Catholic Church vs. Rome's Mayor: Disagreement Over How $1.7 Million In Coins From Iconic Trevi Fountain Are Spent

Tensions have arisen between the mayor of Rome and the Roman Catholic Church over how the substantial amount of coins thrown into the city's iconic Trevi Fountain will be spent.

Mayor Virginia Raggi, who took office in 2016, and her government have decided that the approximately €1.5 million ($1.72 million) worth of coins thrown by tourists and well-wishers into the touristic landmark's waters every year should be spent on Rome's crumbling infrastructure, the BBC reported on Monday. However, the large sum of money is traditionally donated to the Catholic charity Caritas.

The change in policy is set to take effect in April, but the Catholic Church is fighting back, arguing that the move would hurt the poor. Avvenire, the newspaper of the Italian bishops' conference, published a weekend article decrying the decision, titled "Money Taken From the Poorest."

Tourists and visitors gather around the 18th Century Baroque Trevi Fountain in downtown Rome on August 26, 2018 VINCENZO PINTO/AFP/Getty Images

"We did not foresee this outcome," Caritas director Father Benoni Ambarus said, according to Euro News. "I still hope it will not be final."

Raggi is under pressure from Rome's residents to address the city's growing problems, according to the BBC. Despite running as an anti-establishment candidate and promising to address social issues, Raggi has faced protests over her government's failure to pick up trash and fix pothole-ridden streets, among other problems.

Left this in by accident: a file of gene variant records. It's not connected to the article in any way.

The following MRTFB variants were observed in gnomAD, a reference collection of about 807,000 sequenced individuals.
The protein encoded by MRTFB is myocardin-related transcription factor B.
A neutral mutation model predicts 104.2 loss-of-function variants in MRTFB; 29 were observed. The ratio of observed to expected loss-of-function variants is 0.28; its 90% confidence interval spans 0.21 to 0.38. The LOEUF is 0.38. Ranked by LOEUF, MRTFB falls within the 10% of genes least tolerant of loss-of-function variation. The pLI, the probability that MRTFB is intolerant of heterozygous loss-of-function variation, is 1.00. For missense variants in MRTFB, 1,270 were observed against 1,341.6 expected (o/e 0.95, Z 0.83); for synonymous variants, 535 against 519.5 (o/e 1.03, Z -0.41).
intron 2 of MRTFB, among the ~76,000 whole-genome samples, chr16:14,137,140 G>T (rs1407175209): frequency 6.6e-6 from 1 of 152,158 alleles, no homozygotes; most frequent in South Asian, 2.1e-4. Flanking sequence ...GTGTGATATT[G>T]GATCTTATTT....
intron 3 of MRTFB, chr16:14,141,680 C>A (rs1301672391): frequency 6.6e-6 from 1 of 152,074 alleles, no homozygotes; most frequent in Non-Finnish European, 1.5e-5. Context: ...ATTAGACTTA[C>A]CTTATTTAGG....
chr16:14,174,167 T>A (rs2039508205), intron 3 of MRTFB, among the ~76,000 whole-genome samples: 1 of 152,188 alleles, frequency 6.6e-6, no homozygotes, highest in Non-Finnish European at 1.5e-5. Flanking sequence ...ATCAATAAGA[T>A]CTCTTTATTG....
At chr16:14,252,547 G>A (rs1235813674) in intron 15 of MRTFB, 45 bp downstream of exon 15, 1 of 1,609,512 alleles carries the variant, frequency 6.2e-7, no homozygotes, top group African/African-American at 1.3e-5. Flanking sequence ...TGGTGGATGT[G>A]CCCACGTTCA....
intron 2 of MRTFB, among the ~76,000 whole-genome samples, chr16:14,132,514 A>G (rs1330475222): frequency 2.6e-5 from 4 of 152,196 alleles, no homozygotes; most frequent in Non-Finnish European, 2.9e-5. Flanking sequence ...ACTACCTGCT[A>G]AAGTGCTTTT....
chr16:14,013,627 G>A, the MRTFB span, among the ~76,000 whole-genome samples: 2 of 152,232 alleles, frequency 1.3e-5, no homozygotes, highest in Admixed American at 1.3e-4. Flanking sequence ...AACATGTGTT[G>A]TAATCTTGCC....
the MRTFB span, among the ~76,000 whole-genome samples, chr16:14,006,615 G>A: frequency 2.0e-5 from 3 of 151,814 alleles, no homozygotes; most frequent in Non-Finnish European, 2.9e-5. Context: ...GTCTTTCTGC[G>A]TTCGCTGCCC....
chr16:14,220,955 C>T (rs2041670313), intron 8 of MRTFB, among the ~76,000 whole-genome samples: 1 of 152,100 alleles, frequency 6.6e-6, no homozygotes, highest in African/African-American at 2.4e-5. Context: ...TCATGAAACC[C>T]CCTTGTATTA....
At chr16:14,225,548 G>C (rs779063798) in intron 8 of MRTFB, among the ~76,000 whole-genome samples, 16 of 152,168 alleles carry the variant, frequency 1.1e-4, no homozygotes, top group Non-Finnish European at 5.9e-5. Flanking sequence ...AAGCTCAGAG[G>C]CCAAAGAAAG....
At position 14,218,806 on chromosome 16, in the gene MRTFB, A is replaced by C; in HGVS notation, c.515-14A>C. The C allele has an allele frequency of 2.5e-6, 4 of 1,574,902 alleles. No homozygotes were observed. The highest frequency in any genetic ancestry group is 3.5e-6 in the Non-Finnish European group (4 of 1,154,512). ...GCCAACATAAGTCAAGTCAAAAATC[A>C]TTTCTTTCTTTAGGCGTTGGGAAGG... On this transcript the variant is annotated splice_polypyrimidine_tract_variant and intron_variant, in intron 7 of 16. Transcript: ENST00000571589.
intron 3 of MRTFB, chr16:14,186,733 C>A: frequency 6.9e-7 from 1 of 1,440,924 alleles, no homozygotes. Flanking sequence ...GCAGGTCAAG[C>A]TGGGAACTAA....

The Italian press has dubbed the dispute between the city and the church, which is headquartered at the Vatican, located within Rome, the "Battle of the Coins," according to Deutsche Welle. Raggi has pushed back against critics, saying she is "irritated" by how the move has been characterized, while also insisting that Caritas would still receive a portion of the funds.

Caritas urged Raggi to reconsider, pointing to the "numerous concerns raised by journalists, politicians, priests and many citizens who have taken to social media" to express their displeasure with the city's decision.

A worker collects coins in the Trevi Fountain on May 2, 2017 in Rome during the usual monthly cleaning ALBERTO PIZZOLI/AFP/Getty Images

Trevi Fountain one of the world's most famous attractions. It was constructed in the 1700s at the end point of an ancient Roman aqueduct that has transported water to the city for centuries. Millions of tourists visit the site annually, often throwing coins into the fountain. It is also a popular spot for lovers to propose marriage.

Trevi has been immortalized in numerous films. Its most iconic cameos were in 1954's Three Coins in the Fountain, which popularized the tradition of tossing money into its water, and the 1960 film La Dolce Vita, in which actress Anita Ekberg strolled through the Trevi in a black evening gown.